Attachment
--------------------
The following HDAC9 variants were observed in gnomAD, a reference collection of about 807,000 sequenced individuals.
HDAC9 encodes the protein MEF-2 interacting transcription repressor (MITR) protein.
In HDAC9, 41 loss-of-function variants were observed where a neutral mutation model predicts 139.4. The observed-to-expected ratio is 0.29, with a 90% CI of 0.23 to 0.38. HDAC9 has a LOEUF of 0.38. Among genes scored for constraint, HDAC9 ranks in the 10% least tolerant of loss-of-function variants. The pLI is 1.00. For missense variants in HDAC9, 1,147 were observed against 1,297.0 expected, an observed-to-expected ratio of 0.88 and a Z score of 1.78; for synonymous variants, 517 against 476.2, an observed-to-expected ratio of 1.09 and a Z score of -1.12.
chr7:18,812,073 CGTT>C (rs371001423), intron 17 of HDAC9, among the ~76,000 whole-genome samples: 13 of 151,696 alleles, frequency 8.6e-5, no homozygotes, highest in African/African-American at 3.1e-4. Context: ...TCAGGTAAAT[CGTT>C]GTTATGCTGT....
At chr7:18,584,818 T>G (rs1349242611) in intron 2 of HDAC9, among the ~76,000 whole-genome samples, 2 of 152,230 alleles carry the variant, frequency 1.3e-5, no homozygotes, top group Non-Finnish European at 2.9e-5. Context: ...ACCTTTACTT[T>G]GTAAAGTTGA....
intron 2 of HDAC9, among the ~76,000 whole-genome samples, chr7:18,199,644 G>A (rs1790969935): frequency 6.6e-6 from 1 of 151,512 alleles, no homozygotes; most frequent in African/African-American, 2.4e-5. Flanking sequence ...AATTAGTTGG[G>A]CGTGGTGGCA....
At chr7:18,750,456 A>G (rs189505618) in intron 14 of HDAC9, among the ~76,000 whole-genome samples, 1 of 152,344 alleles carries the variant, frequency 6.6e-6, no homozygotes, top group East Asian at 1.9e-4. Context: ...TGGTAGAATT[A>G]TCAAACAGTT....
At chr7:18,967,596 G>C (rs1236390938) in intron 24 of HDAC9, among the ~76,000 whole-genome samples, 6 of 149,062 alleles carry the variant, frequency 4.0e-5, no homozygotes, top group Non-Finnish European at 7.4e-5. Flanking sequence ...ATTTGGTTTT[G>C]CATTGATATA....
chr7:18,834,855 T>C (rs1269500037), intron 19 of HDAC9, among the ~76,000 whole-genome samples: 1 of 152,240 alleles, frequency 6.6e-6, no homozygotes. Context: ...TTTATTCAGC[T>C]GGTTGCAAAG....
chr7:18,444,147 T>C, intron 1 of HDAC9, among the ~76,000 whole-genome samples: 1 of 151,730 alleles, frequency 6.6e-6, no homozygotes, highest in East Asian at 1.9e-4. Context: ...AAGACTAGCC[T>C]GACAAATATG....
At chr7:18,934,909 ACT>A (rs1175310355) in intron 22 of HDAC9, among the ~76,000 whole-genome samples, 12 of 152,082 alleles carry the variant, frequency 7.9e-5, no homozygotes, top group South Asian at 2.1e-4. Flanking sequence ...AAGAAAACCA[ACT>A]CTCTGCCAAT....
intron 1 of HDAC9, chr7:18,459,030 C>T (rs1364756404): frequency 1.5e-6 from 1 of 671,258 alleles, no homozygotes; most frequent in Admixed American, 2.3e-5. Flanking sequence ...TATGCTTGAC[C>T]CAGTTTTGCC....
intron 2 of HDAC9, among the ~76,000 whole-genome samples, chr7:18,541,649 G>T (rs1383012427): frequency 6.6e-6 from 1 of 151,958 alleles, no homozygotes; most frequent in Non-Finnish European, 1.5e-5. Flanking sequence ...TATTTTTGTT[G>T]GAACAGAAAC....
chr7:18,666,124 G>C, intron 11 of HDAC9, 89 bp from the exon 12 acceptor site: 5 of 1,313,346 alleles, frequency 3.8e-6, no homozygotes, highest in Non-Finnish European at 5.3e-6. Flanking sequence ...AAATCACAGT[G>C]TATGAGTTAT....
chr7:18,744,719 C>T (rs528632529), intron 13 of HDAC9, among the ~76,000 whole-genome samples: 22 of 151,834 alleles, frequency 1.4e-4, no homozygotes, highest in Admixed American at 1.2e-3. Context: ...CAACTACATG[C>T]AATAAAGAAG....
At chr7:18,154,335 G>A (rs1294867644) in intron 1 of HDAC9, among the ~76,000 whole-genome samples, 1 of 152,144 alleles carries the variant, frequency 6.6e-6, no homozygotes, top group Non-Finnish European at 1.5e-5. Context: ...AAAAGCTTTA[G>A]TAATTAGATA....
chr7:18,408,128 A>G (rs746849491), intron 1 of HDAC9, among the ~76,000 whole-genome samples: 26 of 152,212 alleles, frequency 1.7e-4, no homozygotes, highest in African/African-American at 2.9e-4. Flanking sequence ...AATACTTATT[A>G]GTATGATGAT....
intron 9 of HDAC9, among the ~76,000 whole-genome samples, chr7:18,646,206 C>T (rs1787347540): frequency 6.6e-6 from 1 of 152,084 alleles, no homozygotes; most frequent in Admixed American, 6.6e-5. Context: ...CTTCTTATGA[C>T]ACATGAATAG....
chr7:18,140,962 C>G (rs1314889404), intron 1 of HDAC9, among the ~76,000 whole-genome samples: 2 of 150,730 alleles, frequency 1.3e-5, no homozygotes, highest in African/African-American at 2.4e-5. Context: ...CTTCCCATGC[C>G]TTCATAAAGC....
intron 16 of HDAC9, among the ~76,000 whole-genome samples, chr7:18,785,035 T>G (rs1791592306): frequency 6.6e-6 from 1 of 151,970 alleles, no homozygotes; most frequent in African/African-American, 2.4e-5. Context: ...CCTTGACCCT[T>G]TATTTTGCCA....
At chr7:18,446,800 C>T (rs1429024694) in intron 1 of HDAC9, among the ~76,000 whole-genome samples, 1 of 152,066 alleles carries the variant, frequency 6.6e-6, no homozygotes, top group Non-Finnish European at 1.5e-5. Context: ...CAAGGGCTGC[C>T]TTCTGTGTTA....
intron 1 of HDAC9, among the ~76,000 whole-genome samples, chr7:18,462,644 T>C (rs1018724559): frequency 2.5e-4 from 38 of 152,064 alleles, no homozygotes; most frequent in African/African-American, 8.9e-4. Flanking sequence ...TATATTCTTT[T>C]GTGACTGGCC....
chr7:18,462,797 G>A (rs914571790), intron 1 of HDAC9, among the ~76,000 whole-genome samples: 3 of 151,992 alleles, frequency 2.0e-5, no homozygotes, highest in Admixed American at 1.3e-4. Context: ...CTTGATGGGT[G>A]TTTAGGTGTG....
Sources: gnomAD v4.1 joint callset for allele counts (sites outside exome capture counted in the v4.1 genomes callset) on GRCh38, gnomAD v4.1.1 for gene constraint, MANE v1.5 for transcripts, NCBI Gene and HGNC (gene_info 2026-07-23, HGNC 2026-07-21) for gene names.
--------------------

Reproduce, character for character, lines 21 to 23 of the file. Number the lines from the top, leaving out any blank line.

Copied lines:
At chr7:18,446,800 C>T (rs1429024694) in intron 1 of HDAC9, among the ~76,000 whole-genome samples, 1 of 152,066 alleles carries the variant, frequency 6.6e-6, no homozygotes, top group Non-Finnish European at 1.5e-5. Context: ...CAAGGGCTGC[C>T]TTCTGTGTTA....
intron 1 of HDAC9, among the ~76,000 whole-genome samples, chr7:18,462,644 T>C (rs1018724559): frequency 2.5e-4 from 38 of 152,064 alleles, no homozygotes; most frequent in African/African-American, 8.9e-4. Flanking sequence ...TATATTCTTT[T>C]GTGACTGGCC....
chr7:18,462,797 G>A (rs914571790), intron 1 of HDAC9, among the ~76,000 whole-genome samples: 3 of 151,992 alleles, frequency 2.0e-5, no homozygotes, highest in Admixed American at 1.3e-4. Context: ...CTTGATGGGT[G>A]TTTAGGTGTG....